We Want to Hear From You: What's in Your Investment Toolkit?

Success in the business world is most often achieved by those with a competitive edge.

Question of the Week
That's why, here at Money Morning, helping readers find that edge for their investment toolkit is Job One. In the past week alone, we've introduced readers to two little-followed indicators that have big proven payoffs. The first was the Baltic Dry Index, a shipping index that provides a panoramic view of the global economy. And the second was the "Gold Spike Indicator," which helps gold investors time their purchases.

Shrewdly used, either (or both) of these indicators have the potential to provide investors with that sought-after competitive edge.

Take the Baltic Dry Index. As Money Morning Guest Columnist Jack Barnes explained, "the Baltic Dry Index has [historically] shown itself to be the EKG of future industrial demand. And, right now, the BDI is screaming "Danger, Will Robinson!" to any investor who will read it and heed it as a true leading indicator."

Then there's the "Gold Spike Indicator," which Money Morning commodities expert Peter Krauth shared with readers yesterday (Tuesday). Although this market-timing mechanism is elegantly simple, it's also shown itself to be a quite-powerful tool.

"[B]ank holding companies are required by law to make quarterly disclosures on their holdings - including commodities," Krauth said. "And my research shows that there's a certain 'window' during this disclosure period during which some of those commodities can make some pretty hefty price moves. Gold is one of the commodities that's worth watching."

These indicators are just two of hundreds out there that investors use to gain a competitive edge.

For those tracking economic growth, the latest on housing starts, the unemployment rate, and the consumer price index also are necessary to forecast the big picture. But reading numbers and reports is not enough. And one set of information can paint a different picture than another, like the current disparity between economic outlook factors and company financials.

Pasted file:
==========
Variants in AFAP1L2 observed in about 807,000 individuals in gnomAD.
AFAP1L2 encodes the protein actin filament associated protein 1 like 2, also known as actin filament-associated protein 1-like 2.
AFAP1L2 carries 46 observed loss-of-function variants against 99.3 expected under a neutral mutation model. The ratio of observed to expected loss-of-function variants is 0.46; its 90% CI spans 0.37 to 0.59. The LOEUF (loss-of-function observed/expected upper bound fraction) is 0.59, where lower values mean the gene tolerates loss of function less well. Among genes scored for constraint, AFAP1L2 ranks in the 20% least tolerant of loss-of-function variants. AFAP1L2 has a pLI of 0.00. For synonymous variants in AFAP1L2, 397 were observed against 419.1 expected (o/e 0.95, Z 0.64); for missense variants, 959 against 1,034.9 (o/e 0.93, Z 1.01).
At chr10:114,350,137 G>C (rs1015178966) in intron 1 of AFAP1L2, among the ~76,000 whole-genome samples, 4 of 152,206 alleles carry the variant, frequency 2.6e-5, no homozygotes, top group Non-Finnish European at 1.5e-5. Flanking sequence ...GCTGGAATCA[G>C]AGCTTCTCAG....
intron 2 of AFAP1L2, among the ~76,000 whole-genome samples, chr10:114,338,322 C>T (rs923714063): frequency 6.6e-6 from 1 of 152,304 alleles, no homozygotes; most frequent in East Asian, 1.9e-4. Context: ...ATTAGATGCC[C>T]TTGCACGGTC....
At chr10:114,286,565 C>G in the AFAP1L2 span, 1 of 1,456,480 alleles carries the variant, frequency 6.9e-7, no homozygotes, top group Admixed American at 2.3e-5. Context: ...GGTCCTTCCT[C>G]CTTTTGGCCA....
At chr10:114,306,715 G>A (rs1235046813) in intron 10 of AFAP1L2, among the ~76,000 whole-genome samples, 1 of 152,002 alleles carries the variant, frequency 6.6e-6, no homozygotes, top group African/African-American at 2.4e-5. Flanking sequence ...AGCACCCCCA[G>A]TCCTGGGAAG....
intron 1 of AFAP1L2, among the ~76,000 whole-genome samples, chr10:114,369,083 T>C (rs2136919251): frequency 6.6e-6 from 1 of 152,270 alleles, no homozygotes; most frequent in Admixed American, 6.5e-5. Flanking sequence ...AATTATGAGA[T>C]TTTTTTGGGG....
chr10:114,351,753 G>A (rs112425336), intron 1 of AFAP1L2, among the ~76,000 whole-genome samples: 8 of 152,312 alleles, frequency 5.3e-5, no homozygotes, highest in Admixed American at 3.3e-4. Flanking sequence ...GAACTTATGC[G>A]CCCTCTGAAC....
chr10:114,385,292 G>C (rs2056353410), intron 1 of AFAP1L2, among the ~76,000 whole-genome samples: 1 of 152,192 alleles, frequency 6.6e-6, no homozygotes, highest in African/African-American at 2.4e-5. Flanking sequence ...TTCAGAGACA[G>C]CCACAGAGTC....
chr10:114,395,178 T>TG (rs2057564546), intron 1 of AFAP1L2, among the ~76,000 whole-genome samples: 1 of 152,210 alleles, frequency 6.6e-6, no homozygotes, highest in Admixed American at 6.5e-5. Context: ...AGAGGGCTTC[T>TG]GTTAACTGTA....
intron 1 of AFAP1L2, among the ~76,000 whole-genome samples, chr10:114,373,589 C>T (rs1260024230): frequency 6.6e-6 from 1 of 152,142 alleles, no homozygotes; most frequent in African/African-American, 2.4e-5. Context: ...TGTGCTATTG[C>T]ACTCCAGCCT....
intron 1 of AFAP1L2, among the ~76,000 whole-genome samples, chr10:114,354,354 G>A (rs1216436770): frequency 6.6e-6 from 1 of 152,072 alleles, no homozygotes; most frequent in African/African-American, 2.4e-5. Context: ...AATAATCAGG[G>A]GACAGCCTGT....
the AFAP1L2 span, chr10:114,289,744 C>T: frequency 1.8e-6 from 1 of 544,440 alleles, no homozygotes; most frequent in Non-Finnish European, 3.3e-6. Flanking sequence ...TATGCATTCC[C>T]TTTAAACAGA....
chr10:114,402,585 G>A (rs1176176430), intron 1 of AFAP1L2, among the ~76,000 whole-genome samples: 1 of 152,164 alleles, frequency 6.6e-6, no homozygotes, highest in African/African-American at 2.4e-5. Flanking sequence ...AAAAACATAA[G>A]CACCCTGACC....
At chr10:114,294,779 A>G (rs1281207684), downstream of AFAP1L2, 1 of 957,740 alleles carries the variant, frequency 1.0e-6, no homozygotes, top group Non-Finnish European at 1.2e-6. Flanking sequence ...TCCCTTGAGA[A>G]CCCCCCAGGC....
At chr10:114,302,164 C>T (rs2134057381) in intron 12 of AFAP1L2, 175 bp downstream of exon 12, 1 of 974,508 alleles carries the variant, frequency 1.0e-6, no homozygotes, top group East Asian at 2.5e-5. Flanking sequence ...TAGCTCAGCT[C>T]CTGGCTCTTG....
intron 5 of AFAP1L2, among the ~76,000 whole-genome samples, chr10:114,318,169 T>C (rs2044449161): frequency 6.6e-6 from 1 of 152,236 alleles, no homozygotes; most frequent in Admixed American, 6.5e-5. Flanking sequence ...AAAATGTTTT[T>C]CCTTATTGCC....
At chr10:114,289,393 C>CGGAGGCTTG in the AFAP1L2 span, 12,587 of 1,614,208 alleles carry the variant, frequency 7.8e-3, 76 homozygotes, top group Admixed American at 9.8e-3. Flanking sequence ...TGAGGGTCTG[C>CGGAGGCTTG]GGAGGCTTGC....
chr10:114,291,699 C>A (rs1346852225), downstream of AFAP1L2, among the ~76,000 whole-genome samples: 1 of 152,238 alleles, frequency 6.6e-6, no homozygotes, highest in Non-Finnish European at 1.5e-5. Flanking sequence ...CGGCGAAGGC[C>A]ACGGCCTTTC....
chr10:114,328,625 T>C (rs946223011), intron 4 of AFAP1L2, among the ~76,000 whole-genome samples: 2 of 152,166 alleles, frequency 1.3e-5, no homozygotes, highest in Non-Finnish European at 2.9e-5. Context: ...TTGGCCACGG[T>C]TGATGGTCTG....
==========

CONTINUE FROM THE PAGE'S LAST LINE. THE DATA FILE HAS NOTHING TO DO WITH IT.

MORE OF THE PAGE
"We're having a major tug of war between the earnings and the economic data, and the economy seems to be far more sluggish than the earnings," Art Cashin, director of floor operations at UBS (NYSE: UBS), told CNBC.

Investors need to go behind the raw data to find the real story - a story Money Morning works to interpret: Where are these numbers headed? How will the markets react? What do investors do now?

That brings us to the latest Money Morning Question of the Week: How have you stocked your investment toolkit? How can investors on Main Street hope to trump the big players on Wall Street? What do you believe investors should rely on to get that competitive edge? Do you find some of the-most-talked-about "indicators" to be on-the-money? Or are they more smoke than promise? Have you found a reliable measure of performance through experience or advice, or are you still searching for your market compass?

Send your thoughts, questions and concerns to [email protected].

[Editor's Note: Is there a topic you want to see covered as a Question of the Week feature? Then let us know by e-mailing Money Morning at [email protected]. Make sure to reference "question of the week suggestion" in the subject line.

We reserve the right to edit responses for length, grammar and clarity.

Thanks to everyone who took the time to participate - via e-mail or by posting their comments directly on the Money Morning Web site.]

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